The Duncan Banner

May 6, 2012

Send-off ceremony gives veterans local recognition

Toni Hopper
The Duncan Banner

DUNCAN — Some entered the coliseum dancing, others were escorted in on wheelchairs and others marched in.

And during the Parade of Patriots, nearly every one of the 93 war veterans who saw the crowd beamed and stood or sat up straighter, buoyed by the applause and cheers.

For veterans like Carl Slifer, Stanley McCoy, Jesse Seratte, Bill Rice, Alfred “Salty” Garrett, Frank Barnes, Bobby Pollock, Coolidge Dale White, James White, Harold Boyd, Daniel Wiseman, Harland Burton, Mordell Trammell, Phillip Adams, Elmer Nickerson, Harold Boyd and Jack Tripp, it was a grand moment.

The Stephens and Jefferson County veterans were among those selected for the Oklahoma Honor Flight to Washington, D.C., to view the memorials for the wars in which they served. Friday’s flight was the first of its kind to depart from Lawton and was specifically for veterans from Southwest Oklahoma.

Congressman Tom Cole and Rep. Dennis Johnson also attended the send off ceremony Thursday at the Comanche County Fairgrounds Coliseum.

Behind the scenes, prior to the ceremony, veterans sat with family, friends and Junior ROTC students, laughing and sharing stories.

Once assembled in the stadium, everyone was reminded that they were in the presence of 93 “living history books.”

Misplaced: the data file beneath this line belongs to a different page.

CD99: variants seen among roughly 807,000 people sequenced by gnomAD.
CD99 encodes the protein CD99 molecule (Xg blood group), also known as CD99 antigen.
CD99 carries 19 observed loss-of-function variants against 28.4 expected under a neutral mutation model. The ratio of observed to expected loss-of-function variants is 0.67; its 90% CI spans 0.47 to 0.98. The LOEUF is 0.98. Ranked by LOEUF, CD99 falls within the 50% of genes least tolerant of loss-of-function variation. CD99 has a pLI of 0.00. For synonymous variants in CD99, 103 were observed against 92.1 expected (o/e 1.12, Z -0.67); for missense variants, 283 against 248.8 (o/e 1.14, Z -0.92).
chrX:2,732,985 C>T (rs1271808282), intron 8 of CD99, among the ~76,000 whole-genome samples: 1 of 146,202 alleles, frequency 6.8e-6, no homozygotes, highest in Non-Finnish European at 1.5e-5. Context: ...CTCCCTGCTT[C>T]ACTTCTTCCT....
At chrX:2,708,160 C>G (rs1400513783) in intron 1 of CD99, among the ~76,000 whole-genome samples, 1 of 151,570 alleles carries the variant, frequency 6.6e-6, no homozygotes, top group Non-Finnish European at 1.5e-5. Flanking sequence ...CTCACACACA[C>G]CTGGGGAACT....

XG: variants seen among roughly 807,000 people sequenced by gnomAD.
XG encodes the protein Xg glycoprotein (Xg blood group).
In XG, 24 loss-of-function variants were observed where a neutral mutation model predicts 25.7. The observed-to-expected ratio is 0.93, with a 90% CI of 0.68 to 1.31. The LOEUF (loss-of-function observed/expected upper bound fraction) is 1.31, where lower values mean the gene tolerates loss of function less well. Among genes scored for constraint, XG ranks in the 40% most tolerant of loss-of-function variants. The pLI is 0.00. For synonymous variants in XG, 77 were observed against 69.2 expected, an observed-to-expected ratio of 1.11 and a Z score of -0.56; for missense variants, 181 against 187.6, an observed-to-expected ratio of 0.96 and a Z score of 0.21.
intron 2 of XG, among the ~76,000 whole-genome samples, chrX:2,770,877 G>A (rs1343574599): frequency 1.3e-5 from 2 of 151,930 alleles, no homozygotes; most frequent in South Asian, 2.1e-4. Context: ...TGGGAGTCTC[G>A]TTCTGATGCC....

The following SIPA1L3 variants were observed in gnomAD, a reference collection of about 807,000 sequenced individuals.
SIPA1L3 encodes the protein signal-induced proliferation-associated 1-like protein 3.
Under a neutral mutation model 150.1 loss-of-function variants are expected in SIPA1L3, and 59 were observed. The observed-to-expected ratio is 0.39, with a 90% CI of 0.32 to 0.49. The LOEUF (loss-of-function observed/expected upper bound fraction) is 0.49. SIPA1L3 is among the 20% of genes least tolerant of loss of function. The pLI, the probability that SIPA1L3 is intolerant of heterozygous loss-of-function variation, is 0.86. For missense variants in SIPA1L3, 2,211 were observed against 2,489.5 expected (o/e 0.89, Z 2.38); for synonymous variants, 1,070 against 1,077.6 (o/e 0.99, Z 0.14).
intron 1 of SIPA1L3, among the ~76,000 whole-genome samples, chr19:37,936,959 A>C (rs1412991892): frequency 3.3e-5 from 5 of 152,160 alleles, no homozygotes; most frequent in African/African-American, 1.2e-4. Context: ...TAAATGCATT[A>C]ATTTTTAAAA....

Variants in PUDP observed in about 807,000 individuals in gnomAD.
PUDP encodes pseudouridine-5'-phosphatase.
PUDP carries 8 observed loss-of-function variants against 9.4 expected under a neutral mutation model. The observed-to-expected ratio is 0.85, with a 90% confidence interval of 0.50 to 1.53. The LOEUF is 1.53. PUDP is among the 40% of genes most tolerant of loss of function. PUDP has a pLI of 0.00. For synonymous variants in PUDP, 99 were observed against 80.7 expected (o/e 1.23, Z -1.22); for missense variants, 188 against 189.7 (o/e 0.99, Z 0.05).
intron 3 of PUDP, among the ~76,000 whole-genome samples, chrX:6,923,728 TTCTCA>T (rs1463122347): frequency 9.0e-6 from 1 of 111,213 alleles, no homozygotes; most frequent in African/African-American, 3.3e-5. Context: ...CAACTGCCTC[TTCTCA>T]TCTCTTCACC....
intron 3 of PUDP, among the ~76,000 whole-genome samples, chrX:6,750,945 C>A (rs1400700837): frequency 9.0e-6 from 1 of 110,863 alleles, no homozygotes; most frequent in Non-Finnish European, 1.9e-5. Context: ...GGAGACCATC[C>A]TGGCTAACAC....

The reminder had many active service personnel and Junior ROTC students murmuring as they absorbed that thought. The quiet murmurs of approval continued as each veteran’s name was flashed on a screen and read, citing their hometown, service branch and a brief snippet of their history. For some, that included instances like the invasion of Normandy, being shot down multiple times and continuing their battles and how many wars they fought in.

Rep. Gary Banz, an organizer of Oklahoma Honor Flights, addressed the crowd, with a rousing speech about survival, teamwork and the importance of remembering why the veterans are special.

Sharing a story about the 2008 Bejing Summer Olympics, he recalled the relay teams that dropped batons.

“You see, the most critical part of a relay race is in the exchange of the baton,” he said. Then he told the crowd that the coliseum would be transferred into “one giant exchange zone.”

“Veterans, you have lived long enough to see the impact your service and sacrifice made on human history,” Banz said. “Your family, these students and our nation need to hear your story.”

When the veterans had entered the stadium, they had been given a pocket-sized book of the Declaration of Independence, United States Constitution and the Bill of Rights, without being told why.

Banz then revealed the mystery, noting that the Junior ROTC students had an Oklahoma Honor Flights commemorative coin and that the young person and the veteran hero would exchange their items.

He also told the youth they are the next ones to receive the “baton.”

“Young people — take the baton and honor them by pledging to preserve, protect and and defend the Constitution and our way of life,” he said.

Banz reminded people of the sacrifices made by the veterans, when they, too, were only 16, 17 and 18 years old.

“They faced and defeated tyrants and despotic rule,” he said.

After that, the “batons” of the small booklet and the coin, were passed from generation to generation. Smiles, hugs and misty eyes filled the room.

Banz said 16 million served in the military during World War II, and that now less than 3 million remain, with about 60,000 of those in Oklahoma.

“They came home to build families and a nation,” he said. “These are your heroes.”